The doctrine of pratatyasamutpada (Sanskrit; Pali: paticcasamuppada), often interpreted as "Dependent Arising," is a significant part of Buddhist metaphysics. Common to all schools of Buddhism, it states that phenomena arise together in a mutually interdependent network of cause and effect. It is variously depicted into English as "dependent origination", "conditioned genesis", "dependent co-arising", "interdependent arising", or "contingency". The coming into being of life which is suffering, as well as its cessation, is explained by the doctrine of Pratityasamutpada. From ignorance springs the samskaras (conformations), from the samskaras springs consiousness, from consciousness spring name and form, from name and form spring the six provinces (of the six senses, eye, ear, nose, tongue body or touch and mind), from the six provinces springs contact, from contact springs sensation, from sensation springs thirst (or desire), from thirst springs attachment, from attachment springs becoming, from becoming springs birth, from birth spring old age and death, grief, lamentation, suffering, dejection and despair. Such is the origin of this whole mass of suffering.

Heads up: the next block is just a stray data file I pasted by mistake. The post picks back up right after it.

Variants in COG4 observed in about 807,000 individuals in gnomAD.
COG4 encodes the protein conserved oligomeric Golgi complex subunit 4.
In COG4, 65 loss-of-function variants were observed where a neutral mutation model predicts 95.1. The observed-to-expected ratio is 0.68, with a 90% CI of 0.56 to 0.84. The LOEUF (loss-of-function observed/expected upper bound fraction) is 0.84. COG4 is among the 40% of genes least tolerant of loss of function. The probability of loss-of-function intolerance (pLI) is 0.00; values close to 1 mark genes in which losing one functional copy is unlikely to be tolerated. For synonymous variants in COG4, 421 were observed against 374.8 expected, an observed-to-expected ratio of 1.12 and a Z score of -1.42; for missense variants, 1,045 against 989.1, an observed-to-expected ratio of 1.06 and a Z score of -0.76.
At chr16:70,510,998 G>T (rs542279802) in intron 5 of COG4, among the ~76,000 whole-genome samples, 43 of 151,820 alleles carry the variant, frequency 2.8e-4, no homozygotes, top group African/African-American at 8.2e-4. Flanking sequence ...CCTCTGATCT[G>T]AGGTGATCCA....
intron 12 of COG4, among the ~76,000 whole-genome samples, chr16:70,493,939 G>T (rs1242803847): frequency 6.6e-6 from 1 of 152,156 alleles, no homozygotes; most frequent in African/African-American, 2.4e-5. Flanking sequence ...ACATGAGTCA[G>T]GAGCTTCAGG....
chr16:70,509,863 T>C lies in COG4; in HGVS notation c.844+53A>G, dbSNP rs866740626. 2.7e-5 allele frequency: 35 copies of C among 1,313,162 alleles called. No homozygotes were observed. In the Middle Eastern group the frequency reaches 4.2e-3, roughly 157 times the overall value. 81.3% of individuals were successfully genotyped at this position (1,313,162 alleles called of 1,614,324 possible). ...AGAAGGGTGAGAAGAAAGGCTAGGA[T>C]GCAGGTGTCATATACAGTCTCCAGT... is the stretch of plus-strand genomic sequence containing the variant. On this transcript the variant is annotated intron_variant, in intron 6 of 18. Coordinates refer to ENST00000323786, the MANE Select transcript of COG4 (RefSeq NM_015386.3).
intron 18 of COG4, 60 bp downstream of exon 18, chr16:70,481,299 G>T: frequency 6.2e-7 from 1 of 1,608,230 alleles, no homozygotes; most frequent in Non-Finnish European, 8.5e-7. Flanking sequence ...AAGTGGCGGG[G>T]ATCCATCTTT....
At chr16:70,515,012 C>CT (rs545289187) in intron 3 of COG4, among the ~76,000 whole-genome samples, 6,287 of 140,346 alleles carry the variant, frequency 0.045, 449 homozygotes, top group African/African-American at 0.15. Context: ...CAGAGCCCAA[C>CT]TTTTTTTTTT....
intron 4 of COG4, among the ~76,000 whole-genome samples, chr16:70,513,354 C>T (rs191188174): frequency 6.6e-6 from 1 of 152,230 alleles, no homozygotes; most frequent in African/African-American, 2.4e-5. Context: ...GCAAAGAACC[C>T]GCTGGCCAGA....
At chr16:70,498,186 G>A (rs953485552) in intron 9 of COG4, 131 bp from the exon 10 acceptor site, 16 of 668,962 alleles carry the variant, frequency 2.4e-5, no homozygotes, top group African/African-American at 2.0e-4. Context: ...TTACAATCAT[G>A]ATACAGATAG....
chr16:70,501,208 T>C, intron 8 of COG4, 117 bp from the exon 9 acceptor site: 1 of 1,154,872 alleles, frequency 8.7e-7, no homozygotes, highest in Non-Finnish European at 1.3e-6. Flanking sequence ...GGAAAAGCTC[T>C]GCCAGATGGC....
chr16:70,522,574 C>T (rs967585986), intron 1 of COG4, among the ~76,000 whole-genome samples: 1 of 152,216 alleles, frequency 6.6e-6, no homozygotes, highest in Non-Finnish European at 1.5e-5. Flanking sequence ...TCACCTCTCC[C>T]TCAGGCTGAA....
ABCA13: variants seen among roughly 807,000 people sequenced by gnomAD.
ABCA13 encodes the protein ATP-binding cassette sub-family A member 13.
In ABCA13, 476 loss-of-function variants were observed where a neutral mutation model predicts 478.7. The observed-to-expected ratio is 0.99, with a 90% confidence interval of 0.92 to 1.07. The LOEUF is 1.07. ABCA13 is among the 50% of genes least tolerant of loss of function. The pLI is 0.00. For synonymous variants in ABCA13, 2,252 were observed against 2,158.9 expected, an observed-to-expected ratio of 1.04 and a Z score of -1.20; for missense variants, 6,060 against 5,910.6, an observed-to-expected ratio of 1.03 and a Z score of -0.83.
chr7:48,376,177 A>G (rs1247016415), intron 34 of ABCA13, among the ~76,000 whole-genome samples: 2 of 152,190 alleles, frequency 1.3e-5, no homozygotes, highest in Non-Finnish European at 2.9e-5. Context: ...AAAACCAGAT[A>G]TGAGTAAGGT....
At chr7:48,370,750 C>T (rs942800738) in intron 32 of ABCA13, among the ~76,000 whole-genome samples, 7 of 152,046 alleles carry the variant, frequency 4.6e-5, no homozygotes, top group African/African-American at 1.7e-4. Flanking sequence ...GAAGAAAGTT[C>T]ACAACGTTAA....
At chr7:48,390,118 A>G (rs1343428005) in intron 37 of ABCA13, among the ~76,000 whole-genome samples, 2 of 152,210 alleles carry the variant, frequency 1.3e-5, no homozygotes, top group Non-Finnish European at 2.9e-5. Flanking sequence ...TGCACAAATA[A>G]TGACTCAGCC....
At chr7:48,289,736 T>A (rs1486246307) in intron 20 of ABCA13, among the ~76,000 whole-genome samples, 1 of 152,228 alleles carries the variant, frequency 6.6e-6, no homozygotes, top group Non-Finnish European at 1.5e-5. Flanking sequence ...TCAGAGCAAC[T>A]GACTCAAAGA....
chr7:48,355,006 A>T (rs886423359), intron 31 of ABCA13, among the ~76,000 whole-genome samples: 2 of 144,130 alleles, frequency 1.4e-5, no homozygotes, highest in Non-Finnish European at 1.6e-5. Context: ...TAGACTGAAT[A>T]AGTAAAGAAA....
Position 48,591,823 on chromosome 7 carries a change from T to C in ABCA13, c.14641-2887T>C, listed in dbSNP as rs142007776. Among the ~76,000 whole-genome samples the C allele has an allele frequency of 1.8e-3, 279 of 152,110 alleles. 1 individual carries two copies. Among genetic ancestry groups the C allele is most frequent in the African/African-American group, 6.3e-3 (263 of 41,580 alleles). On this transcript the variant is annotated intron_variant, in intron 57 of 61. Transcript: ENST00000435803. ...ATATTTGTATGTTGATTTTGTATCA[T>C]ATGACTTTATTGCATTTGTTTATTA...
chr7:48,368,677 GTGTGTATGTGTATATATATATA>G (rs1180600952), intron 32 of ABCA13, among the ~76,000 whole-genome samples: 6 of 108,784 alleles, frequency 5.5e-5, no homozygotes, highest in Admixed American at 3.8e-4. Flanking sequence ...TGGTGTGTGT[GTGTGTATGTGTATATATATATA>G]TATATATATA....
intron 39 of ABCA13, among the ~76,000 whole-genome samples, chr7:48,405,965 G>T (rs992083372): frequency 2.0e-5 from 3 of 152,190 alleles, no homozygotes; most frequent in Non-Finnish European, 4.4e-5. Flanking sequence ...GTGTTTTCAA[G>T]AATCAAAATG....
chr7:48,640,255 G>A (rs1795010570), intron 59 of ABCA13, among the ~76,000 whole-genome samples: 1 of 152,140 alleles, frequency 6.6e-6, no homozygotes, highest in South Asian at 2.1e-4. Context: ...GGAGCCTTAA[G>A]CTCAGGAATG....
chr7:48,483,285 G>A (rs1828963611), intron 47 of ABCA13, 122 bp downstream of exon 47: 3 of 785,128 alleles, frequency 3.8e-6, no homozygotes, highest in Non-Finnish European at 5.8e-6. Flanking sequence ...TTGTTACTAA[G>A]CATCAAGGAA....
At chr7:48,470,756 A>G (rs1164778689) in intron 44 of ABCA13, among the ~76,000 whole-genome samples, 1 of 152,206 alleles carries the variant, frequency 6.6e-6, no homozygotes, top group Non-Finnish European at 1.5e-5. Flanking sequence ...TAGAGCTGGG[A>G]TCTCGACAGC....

Again, by the destruction of ignorance, which consists in the complete absence of lust, the samskaras are destroyed; by the destruction of the samskaras, consciousness is destroyed; by the destruction of consciousness, name and form are destroyed; by the destruction of name and form, the six provinces are destroyed; by the destruction of the six provinces, contact is destroyed; by the destrcution of contact, sensation is destroyed; by the destruction of sensation, thirst is destroyed; by the destruction of thirst, attachment is destroyed; by the destruction of attachment, becoming is destroyed; by the destruction of becoming, birth is destroyed, by the destruction of birth, old age and death, grief, lamentation, suffering, dejection and despair are destroyed. Such is the cessation of this whole mass of suffering in Pratityasamutpada. It is based on the truths that man is bound to the wheel of life, and it is possible for him to release himself from these bonds by arresting the transitive character of causation. A view similar to this theory of the wheel of causation is suggested in the Upanishads. The wheel of causation is at times distinguished into elements derived from the past life, those from the present and those of the future.